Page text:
Anyone who teaches middle schoolers is probably familiar with the question, “When are we going to use this?” It’s something about being 12-years -old that produces this ever-growing need to know. And we all know that good teaching practices include making real-world connections. Even many of the standards add that phrase. The truth of the matter is that sometimes those real-life connections can seem a bit contrived. Thus, Scholastic Magazines for middle school make perfect sense!
Read more to find out how to enter to win a Scholastic Magazine classroom subscription to the magazine of your choice for the 2017/18 school year! Update: The winner is Nancy S. Thanks so much for participating!
Scholastic Magazines for Middle School
At the end of the summer, Scholastic generously offered a full year magazine subscription to one of my readers. It was incredible to see the interest in the classroom subscriptions, as well as to see how many readers have used the magazines in the past. Many commented that students were engaged and enjoyed the real-world connection. From firsthand experience, I have seen students read about current events and ask questions about what is going on in the news, which, for a 12-year-old, is pretty awesome!
To Which Content Areas Does This Apply?
I think most teachers are surprised to hear that Scholastic Magazines not only cover all content areas but that they also have resources for middle school.
- ELA – Scholastic Scope
- Math – Scholastic MATH
- Science – Science World
- Social Studies – Junior Scholastic (current events) or New York Times Upfront (grades 9-12)
There are two unique magazines that I can see having great benefit in middle school. The first of these is Scholastic Choices, which is a health, social-emotional learning, and life skills magazine for teens. Middle school students are facing more and more pressure, stress, and social situations that they are not necessarily well equipped to handle.
As teachers, we teach the whole student, not just the curriculum. Oftentimes, this means addressing character – from treating others with kindness, to stepping away from situations, to managing time and responsibilities.
The Scholastic Choices magazine is a great way to introduce these hard topics in an empowering way. I see this being beneficial in an advisory/homeroom period to provide a balance to academics.
My ELA counterparts would often struggle to find reading material for lower-level readers. The text was either too young-looking or written at too high of a level, or it was just plain boring. Scholastic Action is the second magazine that I think has a great benefit for middle school, and it is a great solution for engaging struggling readers. This would be a great way to differentiate for English Language Learners, as well.
When your Scholastic Magazines arrive on campus, they will be delivered straight to your classroom as a class set of magazines and a teacher’s guide.
The teacher’s guide provides alignment to standards, guiding questions, and even shows you the online resources that correspond with each article. I love how Scholastic Scope provides a Lexile reading level, essential questions, and learning objectives. Who doesn’t love a well-thought-out lesson that is ready to go?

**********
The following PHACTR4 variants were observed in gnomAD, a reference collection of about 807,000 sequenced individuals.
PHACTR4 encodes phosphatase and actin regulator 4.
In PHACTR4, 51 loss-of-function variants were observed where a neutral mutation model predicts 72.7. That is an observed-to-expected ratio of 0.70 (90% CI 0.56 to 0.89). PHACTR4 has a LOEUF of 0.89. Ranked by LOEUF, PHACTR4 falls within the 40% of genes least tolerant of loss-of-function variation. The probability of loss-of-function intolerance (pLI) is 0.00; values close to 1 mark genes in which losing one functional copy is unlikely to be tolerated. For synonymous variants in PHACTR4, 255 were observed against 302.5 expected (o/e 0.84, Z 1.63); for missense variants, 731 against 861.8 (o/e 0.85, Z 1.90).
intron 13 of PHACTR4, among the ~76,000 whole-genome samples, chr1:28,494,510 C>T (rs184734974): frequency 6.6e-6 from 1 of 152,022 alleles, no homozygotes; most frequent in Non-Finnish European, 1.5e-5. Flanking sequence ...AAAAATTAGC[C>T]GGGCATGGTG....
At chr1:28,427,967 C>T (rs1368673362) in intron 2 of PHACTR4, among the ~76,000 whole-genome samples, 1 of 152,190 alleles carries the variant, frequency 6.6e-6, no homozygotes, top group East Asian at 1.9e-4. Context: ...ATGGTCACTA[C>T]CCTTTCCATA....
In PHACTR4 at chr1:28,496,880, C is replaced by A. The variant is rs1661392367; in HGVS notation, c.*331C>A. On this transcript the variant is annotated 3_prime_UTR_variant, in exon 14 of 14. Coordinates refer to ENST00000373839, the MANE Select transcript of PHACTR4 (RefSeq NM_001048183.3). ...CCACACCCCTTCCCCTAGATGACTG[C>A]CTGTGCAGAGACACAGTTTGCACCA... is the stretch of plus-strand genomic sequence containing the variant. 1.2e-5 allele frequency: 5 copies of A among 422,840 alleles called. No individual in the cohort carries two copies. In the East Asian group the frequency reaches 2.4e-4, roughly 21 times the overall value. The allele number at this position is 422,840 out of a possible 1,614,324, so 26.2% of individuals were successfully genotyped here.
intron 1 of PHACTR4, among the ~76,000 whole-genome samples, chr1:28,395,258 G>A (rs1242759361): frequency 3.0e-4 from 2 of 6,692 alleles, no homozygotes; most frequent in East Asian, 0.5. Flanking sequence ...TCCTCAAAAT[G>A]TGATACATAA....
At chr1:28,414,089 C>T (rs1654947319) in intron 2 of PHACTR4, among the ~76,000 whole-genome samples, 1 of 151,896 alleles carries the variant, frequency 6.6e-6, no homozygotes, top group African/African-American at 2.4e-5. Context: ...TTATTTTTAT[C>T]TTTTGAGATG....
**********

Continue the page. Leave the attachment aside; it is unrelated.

When I learned that Scholastic offers online features, I was super impressed! It seems like a hidden gem that is a great toolbox from which to pull ideas and resources.
- Back Issues – I love how the online resource provides backdated articles! It acts as a library of resources that are then organized by topic/standard.
- Videos – There are highly engaging videos that could act as a hook or even as a discussion starter.
- Online Articles – If your classroom is 1:1, or if you are looking for ways to incorporate technology, then the articles are available in a digital format, where students can open the magazine view and see everything on their screen. The features even include annotations, like highlighting and adding notes. I totally see this working as a whole-class discussion, as well!
- Skill Sheets – In the math library, there are quick one-page skill sheets that correspond with topics. I see this being a great resource for parents and students at home.
Ideas for Using Scholastic Magazines
I already talked about this a bit, but homeroom can be a struggle. Sometimes it is intended to be a study hall; sometimes it becomes just a time for students to socialize. More often than not, if you don’t have a plan for homeroom, then you are going to be up a creek by October. Scholastic Magazines can provide an engaging alternative to homeroom.
2. Lesson Hooks
In math it can be difficult to find super relevant hooks/videos that show how the math that students are learning is applied later. I really love how Scholastic MATH has brought that to life. In a recent issue, they discussed rate and speed of a zip line – talk about creative!
3. Informational Text
This week I was chatting with my friend Kristen about all the incredible things she is doing in her classroom. Because, when teachers get together, it’s inevitable. One of the things she mentioned was her team’s desire to incorporate more and more non-fiction texts. It can be challenging to find non-fiction texts that are on the right level and that are interesting. I love that each issue provides students that opportunity to engage with non-fiction text.
Hopefully, this gave you a good idea of what to expect from a Scholastic Magazines subscription. I would love to hear from those of you who have benefited from using them in your classroom.
Scholastic has generously offered another classroom subscription to one of our readers. Simply comment below sharing an idea for how you might utilize the magazine in your classroom. Update: The winner is Nancy S. Thanks so much for participating! You can still sign up here to receive a free 30 day trial for the Choices magazine!